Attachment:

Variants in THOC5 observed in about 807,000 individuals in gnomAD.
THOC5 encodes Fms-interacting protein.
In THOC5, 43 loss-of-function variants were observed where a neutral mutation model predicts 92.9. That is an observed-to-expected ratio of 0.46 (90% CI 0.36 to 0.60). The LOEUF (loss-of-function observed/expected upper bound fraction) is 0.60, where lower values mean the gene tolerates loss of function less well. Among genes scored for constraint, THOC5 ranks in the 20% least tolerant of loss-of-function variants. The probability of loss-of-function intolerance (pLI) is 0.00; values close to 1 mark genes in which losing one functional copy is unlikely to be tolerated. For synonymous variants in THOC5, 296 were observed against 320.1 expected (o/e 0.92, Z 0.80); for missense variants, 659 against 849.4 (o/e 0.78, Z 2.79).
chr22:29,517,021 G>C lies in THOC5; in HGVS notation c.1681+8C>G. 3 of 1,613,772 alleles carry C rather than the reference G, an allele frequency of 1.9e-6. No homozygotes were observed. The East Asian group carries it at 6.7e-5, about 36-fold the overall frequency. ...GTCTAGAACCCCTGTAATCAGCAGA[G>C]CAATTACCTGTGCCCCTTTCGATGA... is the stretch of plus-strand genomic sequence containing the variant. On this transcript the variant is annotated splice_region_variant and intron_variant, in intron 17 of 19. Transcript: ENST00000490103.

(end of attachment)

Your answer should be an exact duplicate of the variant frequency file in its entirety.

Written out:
Variants in THOC5 observed in about 807,000 individuals in gnomAD.
THOC5 encodes Fms-interacting protein.
In THOC5, 43 loss-of-function variants were observed where a neutral mutation model predicts 92.9. That is an observed-to-expected ratio of 0.46 (90% CI 0.36 to 0.60). The LOEUF (loss-of-function observed/expected upper bound fraction) is 0.60, where lower values mean the gene tolerates loss of function less well. Among genes scored for constraint, THOC5 ranks in the 20% least tolerant of loss-of-function variants. The probability of loss-of-function intolerance (pLI) is 0.00; values close to 1 mark genes in which losing one functional copy is unlikely to be tolerated. For synonymous variants in THOC5, 296 were observed against 320.1 expected (o/e 0.92, Z 0.80); for missense variants, 659 against 849.4 (o/e 0.78, Z 2.79).
chr22:29,517,021 G>C lies in THOC5; in HGVS notation c.1681+8C>G. 3 of 1,613,772 alleles carry C rather than the reference G, an allele frequency of 1.9e-6. No homozygotes were observed. The East Asian group carries it at 6.7e-5, about 36-fold the overall frequency. ...GTCTAGAACCCCTGTAATCAGCAGA[G>C]CAATTACCTGTGCCCCTTTCGATGA... is the stretch of plus-strand genomic sequence containing the variant. On this transcript the variant is annotated splice_region_variant and intron_variant, in intron 17 of 19. Transcript: ENST00000490103.